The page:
22 March 2021

Digital evangelism for the mind, body and soul

This Lent, Revd Jemima Strain, Pioneer Minister in the South Warwickshire Circuit is running a project called ‘Stretch and Pray’. Every weekday, Jemima posts a new Stretch and Pray video for people to participate in as part of their evening routine as a kind of night prayer. Each session lasts about twenty minutes - it starts will stillness, followed by gentle stretching, then ends with a meditation using a Psalm.

In Jemima’s promotional video, she says: “It’s not about the shape of your body, but to transform your prayer life and your whole being... Be still and enter into God’s presence… we are re-learning the unforced rhythms of grace.”

The videos are released on YouTube and shared also on a Facebook page dedicated to the project with over 160 members. Over 2,000 people have watched it since the beginning of Lent, and – in Jemima’s words - “we get more ‘passing trade’ than in-person church.”

Although the participants access it digitally, it nourishes them physically, mentally and spiritually. This project recognises the power of digital accessibility but also engages embodied reality. Jemima is evangelistically pioneering new Christian community online at the same time as feeding people spiritually.

There are some key learnings from Stretch and Pray for us in evangelism, here are three of them:

  1. Listen to God and let go of the outcome.

Jemima tells me: “I really have no idea who is participating unless they tell me. All I can do is put it up online and leave it there.” Often in evangelism, we don’t know the end of the story, with digital evangelism especially it can be very hard to know the impact we’re having. Evangelism is often a ministry of faithful seed planting and watering and of trusting God with the outcome.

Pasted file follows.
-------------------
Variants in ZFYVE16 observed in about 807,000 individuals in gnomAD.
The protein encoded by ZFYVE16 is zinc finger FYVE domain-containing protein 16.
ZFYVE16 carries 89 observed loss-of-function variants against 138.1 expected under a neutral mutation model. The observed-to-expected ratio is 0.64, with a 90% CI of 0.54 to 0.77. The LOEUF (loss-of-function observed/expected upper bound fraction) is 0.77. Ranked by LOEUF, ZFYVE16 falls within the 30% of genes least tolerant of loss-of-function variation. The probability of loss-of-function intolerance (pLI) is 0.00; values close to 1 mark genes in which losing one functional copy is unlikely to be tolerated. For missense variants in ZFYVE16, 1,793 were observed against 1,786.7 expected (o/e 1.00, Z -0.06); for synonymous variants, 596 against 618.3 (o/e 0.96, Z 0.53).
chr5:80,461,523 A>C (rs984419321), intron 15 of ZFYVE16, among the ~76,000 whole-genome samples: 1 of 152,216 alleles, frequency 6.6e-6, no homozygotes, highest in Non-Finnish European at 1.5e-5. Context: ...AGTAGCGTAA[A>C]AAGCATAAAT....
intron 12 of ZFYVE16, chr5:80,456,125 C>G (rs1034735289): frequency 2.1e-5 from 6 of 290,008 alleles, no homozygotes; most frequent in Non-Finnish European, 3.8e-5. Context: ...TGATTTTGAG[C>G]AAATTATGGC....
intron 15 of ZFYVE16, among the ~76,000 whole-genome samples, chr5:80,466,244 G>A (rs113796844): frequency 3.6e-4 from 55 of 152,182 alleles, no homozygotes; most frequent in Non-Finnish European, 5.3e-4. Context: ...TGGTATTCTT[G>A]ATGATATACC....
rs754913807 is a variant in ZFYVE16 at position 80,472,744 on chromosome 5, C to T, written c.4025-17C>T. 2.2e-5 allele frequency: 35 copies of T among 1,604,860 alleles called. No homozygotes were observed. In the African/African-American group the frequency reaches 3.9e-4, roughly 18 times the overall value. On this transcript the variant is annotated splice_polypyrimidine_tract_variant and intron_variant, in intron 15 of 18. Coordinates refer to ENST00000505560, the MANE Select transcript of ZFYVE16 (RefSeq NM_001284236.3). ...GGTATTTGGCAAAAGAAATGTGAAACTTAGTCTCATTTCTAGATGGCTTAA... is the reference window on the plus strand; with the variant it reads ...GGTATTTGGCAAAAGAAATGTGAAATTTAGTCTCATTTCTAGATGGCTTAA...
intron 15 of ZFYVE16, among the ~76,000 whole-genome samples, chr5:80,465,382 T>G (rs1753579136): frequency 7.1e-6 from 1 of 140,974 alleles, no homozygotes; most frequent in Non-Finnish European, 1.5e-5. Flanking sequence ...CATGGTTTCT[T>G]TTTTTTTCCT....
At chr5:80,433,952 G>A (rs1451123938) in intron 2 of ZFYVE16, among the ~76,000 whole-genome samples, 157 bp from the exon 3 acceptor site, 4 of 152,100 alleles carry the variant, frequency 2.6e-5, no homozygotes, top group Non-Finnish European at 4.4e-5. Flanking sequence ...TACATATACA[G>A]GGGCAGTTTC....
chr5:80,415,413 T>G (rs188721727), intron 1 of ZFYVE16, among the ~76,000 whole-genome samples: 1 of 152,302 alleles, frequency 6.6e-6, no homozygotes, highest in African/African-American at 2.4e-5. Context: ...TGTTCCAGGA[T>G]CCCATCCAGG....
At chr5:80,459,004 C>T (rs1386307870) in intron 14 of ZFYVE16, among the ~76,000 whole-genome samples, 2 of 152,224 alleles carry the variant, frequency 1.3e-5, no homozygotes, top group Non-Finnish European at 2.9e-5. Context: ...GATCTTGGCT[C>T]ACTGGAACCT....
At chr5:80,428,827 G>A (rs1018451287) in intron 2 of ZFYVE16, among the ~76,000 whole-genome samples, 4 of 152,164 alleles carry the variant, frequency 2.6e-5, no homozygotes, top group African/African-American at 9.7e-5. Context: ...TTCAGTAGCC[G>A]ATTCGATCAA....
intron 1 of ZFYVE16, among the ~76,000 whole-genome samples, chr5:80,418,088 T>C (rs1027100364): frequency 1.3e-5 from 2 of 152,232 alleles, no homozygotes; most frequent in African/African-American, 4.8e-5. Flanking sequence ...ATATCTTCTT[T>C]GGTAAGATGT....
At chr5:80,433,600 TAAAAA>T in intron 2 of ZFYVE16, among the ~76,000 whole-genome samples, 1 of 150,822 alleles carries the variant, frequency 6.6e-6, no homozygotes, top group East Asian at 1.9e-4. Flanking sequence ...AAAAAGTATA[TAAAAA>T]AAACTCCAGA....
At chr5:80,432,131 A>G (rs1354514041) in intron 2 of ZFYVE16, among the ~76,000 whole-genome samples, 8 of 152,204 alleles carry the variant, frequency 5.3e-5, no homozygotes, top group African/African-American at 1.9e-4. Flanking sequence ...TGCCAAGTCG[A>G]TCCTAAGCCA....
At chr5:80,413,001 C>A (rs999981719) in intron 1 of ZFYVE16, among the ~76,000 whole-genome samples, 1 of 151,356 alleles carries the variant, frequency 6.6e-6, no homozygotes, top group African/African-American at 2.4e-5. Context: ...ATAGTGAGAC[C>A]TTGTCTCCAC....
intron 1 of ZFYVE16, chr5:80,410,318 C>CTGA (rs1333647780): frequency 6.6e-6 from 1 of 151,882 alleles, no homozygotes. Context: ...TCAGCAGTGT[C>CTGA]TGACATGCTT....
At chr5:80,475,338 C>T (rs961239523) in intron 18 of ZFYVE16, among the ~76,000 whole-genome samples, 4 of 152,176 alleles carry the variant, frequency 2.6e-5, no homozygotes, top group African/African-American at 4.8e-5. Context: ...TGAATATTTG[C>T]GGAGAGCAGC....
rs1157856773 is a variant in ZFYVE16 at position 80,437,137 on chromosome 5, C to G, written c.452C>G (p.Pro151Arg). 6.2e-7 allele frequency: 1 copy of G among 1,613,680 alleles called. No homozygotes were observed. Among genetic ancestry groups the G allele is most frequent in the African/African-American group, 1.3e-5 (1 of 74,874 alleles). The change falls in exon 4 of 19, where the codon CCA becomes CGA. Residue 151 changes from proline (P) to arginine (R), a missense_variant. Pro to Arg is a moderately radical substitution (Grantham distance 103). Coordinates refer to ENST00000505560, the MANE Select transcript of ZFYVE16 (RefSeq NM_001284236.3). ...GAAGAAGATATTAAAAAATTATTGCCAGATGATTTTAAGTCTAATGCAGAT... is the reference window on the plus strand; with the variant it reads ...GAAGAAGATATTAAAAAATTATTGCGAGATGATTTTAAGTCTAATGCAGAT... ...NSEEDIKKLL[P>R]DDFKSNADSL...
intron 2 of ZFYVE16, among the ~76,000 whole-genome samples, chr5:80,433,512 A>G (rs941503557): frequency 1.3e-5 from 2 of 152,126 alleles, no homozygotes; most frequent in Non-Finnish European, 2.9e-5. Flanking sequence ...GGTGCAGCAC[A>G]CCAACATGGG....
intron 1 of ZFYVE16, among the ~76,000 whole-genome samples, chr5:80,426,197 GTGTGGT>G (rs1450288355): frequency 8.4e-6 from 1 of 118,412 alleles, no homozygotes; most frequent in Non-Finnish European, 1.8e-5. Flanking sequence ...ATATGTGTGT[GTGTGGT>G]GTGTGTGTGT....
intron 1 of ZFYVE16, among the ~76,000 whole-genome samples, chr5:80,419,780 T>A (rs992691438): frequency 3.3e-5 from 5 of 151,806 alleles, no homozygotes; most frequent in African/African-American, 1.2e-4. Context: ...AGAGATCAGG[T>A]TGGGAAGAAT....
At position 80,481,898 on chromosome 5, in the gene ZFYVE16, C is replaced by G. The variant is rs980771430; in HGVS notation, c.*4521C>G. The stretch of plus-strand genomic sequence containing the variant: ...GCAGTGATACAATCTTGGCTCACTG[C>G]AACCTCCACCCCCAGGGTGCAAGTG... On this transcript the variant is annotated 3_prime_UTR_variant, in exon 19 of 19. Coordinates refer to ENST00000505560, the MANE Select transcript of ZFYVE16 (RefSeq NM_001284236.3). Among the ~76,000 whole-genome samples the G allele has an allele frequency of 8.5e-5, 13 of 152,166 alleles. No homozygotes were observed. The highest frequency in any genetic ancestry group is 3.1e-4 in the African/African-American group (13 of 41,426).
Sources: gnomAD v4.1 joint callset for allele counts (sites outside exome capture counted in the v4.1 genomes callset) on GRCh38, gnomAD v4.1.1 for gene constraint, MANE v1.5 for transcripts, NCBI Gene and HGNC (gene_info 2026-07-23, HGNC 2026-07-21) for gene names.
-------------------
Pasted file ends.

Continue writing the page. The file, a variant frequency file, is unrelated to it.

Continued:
It’s also likely that we’ll get it wrong sometimes. Jemima says: “in my pioneering there have been quite a few failures – and learnings. With Stretch and Pray it’s really been about learning what works on the go.” We don’t have to know exactly what we’re doing at the outset when we start something new. If we are listening to God then we will be prepared to learn – even through things that seem like failings.  

  1. Invite others into encounter with God.

There are various stages of invitation in evangelism. For example, the first invitation to participate in Stretch and Pray is the invitation to click the link on Facebook. There are ways we can make it easier for people to respond to our invitation. Jemima made an explanatory video for Stretch and Pray where she told people what to expect from the sessions, what to wear, and why she does it like she does. I wonder how many people might have felt braver about attending a church service for the first time if they’d been able to watch a video like this!

Once somebody has clicked the link, the second stage is an invitation into an experience of God by participating in the session. Jemima tells me: “I don’t explain the scripture, which is hard for me as a minister! But I use Lectio Divina style meditations, which allows people to have their own moments with God.” We can be so tempted in evangelism to feel like we need to have all the answers, but often what is much more powerful is simply inviting somebody into an encounter with God.

  1. Always, always root in relationship.

Jemima tells me: “Outreach always works best when you have relationships with people. There will be some people who stumble upon these videos, but I imagine most of the people watching have some connection with me.” Evangelism will be most effective, and most gospel-hearted, when it’s rooted in real relationship.

For this reason, evangelism cannot become detached from who we are as people. God has given every single one of us passions, skills and experiences which equip us for evangelism. Jemima’s background is in sport education, she is passionate about fitness – but also about mental wellbeing. She uses the skills she has for her evangelism to connect with others who have similar interests. Stretch and Pray won’t be of interest to everybody, but it is more effective for this. When we practice evangelism, we shouldn’t try and make meaning for all people at once – we locate ourselves naturally in communities of connected people and offer the good news where we find ourselves.

 Holly Adams is Evangelism and Contemporary Culture Officer for the Evangelism and Growth Team

 

 

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